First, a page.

Despite the presence of national food service companies, Brock has carved a niche as a successful regional provider by grossing more than $20 million annually.
The senior Brock died in 1964, but his son already had embraced the food industry legacy by the time he went full time in 1959, after earning two
college degrees and a completing a stint in the Navy.
"My father always wanted to work for himself and wanted to be in a business that had certain repetitions and involved consumer products," said Lynmar Brock Jr., president of the food service management company.
Among the employee cafeterias it now manages are those for such Fortune 500 clients as AT&T, Ford Motor Co., Unisys Corp., TV Guide and NBC-TV in Washington, D.C.
The company recently expanded the list by signing three-year leases to operate cafeterias for Packaging Coordinators Inc., Philadelphia, a packager for the pharmaceutical industry; British-owned ICI Corp., a West Deptford, N.J., polypropylene manufacturer, and Nabisco Food Group, Philadelphia.
"I had joined my dad when I was 13," said Brock, now 61. "I bused tables and cleaned dishes. During the summer while I was at Dartmouth, I drove a mobile catering truck."
Other family members in the business are Brock's wife, Claudie, the corporate secretary; their son, Andrew, a management trainee in special projects; and Brock's brother, Charles, senior vice president.
The senior Brock interrupted sandwich-making twice in 1926 after leaving school; he worked as a salesman for Scott Paper Co., and as a timekeeper for a construction company, but both jobs apparently were unappetizing.
The next year, at age 22, he returned to making sandwiches in his mother's kitchen in Swarthmore and selling them to nearby factory workers. In 1928, Brock expanded his offerings and introduced box lunches.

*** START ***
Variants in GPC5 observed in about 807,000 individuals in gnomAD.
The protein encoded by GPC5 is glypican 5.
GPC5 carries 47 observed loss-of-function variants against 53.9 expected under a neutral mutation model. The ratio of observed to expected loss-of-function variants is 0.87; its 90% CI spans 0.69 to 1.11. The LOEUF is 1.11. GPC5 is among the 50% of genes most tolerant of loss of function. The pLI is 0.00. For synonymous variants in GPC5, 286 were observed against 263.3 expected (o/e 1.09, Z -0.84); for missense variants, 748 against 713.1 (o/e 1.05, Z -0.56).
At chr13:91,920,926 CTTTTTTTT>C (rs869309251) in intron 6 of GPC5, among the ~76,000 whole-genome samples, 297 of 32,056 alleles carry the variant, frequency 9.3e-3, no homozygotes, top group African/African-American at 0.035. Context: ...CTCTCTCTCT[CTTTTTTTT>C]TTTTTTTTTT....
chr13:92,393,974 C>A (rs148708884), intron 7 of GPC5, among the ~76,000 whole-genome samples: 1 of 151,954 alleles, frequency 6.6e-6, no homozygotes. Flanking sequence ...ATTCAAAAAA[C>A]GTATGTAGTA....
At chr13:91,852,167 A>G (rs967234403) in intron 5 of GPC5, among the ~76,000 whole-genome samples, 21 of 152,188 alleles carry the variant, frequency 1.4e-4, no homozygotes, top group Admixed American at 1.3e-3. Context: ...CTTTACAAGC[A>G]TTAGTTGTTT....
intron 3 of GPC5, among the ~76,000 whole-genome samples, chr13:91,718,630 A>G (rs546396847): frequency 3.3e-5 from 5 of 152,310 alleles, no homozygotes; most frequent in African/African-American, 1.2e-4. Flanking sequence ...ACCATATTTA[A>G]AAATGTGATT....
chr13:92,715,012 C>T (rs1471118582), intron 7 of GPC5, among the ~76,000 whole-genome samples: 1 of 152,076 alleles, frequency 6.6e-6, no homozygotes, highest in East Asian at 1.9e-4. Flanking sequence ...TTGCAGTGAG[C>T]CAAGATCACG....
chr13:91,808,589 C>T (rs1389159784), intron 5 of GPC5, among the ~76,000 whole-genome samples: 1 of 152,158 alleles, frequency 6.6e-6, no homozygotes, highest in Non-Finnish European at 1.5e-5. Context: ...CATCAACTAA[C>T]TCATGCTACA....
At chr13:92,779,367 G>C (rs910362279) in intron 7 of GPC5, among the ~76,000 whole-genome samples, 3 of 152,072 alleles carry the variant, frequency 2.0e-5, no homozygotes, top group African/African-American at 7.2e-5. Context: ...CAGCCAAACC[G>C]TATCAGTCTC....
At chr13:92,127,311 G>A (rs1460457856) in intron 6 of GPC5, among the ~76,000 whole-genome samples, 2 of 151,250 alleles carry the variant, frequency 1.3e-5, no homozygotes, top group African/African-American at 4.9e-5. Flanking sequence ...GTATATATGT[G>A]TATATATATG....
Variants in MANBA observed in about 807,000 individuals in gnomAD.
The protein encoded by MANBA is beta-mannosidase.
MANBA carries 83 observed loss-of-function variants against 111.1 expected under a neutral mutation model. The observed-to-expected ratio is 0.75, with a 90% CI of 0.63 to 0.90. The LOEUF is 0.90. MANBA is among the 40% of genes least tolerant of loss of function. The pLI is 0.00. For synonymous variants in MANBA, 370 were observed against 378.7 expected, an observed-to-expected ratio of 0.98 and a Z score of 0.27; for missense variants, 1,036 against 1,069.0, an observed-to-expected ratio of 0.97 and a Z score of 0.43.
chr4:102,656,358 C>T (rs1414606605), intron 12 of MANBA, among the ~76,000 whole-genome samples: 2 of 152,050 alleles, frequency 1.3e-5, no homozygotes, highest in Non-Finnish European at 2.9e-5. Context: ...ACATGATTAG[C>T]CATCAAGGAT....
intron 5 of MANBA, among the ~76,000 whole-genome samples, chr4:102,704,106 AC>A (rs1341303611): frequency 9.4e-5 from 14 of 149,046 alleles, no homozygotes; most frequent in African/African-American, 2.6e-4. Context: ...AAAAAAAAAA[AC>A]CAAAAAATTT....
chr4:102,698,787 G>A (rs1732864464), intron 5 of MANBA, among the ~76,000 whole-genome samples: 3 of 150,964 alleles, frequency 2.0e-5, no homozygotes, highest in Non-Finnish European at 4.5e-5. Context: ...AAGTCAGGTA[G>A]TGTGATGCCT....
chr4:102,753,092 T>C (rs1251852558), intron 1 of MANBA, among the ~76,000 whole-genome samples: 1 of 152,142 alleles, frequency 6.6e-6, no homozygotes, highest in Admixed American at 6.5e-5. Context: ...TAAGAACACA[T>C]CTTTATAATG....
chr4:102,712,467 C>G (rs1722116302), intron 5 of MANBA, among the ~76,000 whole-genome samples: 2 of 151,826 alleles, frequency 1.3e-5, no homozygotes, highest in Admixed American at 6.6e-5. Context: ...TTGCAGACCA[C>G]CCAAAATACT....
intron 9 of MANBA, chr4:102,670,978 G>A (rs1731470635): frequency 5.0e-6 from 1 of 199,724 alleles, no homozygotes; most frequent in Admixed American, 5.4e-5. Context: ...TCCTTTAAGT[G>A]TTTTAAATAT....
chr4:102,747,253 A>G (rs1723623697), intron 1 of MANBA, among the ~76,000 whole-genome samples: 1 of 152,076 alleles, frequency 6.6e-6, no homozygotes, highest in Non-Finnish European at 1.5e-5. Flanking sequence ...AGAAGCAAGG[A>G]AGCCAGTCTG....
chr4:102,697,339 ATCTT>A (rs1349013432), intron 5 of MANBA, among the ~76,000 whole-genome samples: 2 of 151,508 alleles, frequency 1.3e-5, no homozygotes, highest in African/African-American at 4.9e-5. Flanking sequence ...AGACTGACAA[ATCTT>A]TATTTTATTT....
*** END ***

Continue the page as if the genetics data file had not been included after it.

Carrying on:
The contents of a typical box lunch sold in the late 1930s and during World War II included boiled ham on a soft roll, a spiced lunch meat and cheese sandwich, a cup of creamed cabbage, applesauce cake with lemon icing, a banana, coconut cream pie and a sweet pickle - all for 25 cents.
During the war, Brock Sr. entered mobile catering, with a fleet of 75 trucks dispensing hot and cold snacks at various plants and businesses.
"One of our stops was Schmidt's Beer," the younger Brock said. "We sold more milk at the brewery than at any other stop."
As the war wound down, the box lunches were phased out and Brock started serving employees in corporate cafeterias. Among his first clients were Midvale Steel Co. and American Pulley Co.
In 1945, the company sold frozen french fries to local supermarkets (the fries business was sold in 1964), and in 1956 launched its vending machine venture in manufacturing plants and office buildings. In 1972, the company phased out its mobile catering business.
Virtually all food service contracts are awarded by bid, and it's not uncommon to win a contract, lose it and regain it four years later.
"The customer really determines what the menu is, and we tailor the menu to each individual account," Brock said of the bidding process. "We rapidly respond to changes in the workplace or a change in corporate philosophy about serving food."
Provisions are ordered by the company and shipped directly to cafeterias, where the chefs, cooks, managers and counter people prepare and serve the food.
To keep pace with competitors, Brock Jr. and his wife visit each corporate cafeteria at least twice a year to elicit menu suggestions, criticism and sample the food.
"In restaurants, you have different customers but the same menus," Brock said. "We serve the same customer every day and therefore the menu has to be different every day. And we have to be creative to keep our clients."